Morgan Stanley Investment Says Fed on Track to Raise in Decemberby
Fed will probably move next month, bond chief Kushma says
Company bonds seen offering protection as U.S. rates rise
The Federal Reserve will probably raise interest rates next month, making corporate bonds outside the U.S. the place for bond investors, according to Morgan Stanley Investment Management.
The company’s Global Fixed Income Opportunities Fund is loading up on company debt denominated mostly in euros, said Michael Kushma, the chief investment officer for global fixed income. In contrast to the U.S., yields can go down in Europe, he said.
“We are a bit worried that U.S. rates are on the low side, and the risk is for
them to go up,” Kushma said Wednesday in an interview in Singapore. “We’re leaning strongly toward credit risk and away from interest-rate risk. It’s also a global portfolio. Approximately 40 percent of the assets are outside the United States.”
The strategy highlights the steps bond managers are taking to protect holdings as Fed policy makers contemplate pushing their benchmark higher for the first time in almost a decade. Central bank officials inserted language into their October statement to stress that “it may well become appropriate” to raise the lending rate at their next meeting in December, the minutes of the session issued Wednesday showed.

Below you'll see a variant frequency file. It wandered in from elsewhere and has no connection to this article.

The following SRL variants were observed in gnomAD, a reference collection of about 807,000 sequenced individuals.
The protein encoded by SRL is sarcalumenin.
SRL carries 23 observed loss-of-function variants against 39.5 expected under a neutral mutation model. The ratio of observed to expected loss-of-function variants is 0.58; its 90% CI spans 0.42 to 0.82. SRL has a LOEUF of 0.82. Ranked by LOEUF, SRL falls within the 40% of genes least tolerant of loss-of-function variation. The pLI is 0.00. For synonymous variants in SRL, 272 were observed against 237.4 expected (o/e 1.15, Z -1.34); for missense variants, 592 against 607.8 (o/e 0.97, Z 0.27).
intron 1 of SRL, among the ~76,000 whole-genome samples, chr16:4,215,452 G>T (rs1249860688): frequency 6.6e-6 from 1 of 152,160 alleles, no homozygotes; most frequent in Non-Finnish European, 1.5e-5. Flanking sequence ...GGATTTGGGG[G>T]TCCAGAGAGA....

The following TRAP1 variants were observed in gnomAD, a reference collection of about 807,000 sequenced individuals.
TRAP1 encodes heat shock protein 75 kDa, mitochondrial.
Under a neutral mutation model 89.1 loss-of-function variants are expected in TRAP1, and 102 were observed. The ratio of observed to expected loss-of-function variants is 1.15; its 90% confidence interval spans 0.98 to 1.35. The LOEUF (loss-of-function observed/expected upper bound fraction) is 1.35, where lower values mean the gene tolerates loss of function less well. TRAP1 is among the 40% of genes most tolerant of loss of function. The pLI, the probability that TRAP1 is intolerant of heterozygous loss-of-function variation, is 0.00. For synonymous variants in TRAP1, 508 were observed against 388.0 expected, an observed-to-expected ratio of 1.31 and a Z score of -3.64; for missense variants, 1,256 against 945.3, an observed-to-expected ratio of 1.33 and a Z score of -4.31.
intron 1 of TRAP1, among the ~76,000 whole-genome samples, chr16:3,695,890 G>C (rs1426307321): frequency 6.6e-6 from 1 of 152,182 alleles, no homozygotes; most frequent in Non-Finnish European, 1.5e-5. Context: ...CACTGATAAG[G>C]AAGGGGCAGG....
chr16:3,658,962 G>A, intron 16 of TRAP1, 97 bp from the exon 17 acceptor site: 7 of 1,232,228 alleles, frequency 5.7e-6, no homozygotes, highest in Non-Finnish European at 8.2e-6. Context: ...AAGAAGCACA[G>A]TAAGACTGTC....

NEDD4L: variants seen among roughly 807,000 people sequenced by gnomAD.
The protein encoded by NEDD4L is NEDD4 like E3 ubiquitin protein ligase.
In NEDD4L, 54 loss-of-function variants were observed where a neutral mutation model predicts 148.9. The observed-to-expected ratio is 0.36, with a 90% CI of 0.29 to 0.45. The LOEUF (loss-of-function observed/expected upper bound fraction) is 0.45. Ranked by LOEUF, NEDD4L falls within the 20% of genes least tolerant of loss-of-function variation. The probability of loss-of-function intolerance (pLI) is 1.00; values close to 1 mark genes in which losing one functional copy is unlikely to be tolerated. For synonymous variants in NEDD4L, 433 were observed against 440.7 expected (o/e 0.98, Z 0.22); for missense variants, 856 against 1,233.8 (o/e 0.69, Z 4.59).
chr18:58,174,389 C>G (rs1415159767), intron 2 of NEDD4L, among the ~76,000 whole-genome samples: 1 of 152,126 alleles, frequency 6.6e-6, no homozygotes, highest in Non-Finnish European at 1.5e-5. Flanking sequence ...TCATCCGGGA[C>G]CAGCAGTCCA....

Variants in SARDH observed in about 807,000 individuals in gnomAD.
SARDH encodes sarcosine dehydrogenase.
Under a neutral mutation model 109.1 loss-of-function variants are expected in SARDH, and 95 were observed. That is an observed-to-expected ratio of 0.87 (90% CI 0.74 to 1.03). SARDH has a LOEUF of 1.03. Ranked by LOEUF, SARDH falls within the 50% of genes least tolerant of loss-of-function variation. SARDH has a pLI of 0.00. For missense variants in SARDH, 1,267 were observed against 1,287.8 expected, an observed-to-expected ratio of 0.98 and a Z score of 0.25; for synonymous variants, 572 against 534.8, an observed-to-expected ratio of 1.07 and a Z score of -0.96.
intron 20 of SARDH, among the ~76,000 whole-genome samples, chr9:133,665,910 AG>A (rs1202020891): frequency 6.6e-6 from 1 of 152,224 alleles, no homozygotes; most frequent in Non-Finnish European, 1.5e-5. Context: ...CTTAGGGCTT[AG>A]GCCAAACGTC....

“The U.S. economy is doing just fine,” said Kushma, who spoke before the central bank issued the minutes. “It’s not booming. It’s not doing poorly. The Fed is likely to raise rates next month.”
Global Fixed Income Opportunities Fund has hedged all its currency risk, meaning it is betting the dollar will advance as the Fed increases rates, Kushma said. “It’s gone up a lot already but it still looks like it has upside potential.”
The Bloomberg Dollar Spot Index rose Wednesday to the highest level since its inception on Dec. 31, 2004.
The Bloomberg U.S. Treasury Bond Index has fallen 0.7 percent in November, paring its gain for 2015 to 0.7 percent. Benchmark 10-year yields were little changed at 2.26 percent as of 2:02 p.m. in Tokyo.
The $323.5 million Global Fixed Income Opportunities Fund is little changed over the past month, beating 81 percent of its competitors, according to data compiled by Bloomberg. The average annual return over the past five years is 5.7 percent, outperforming 98 percent of its peers.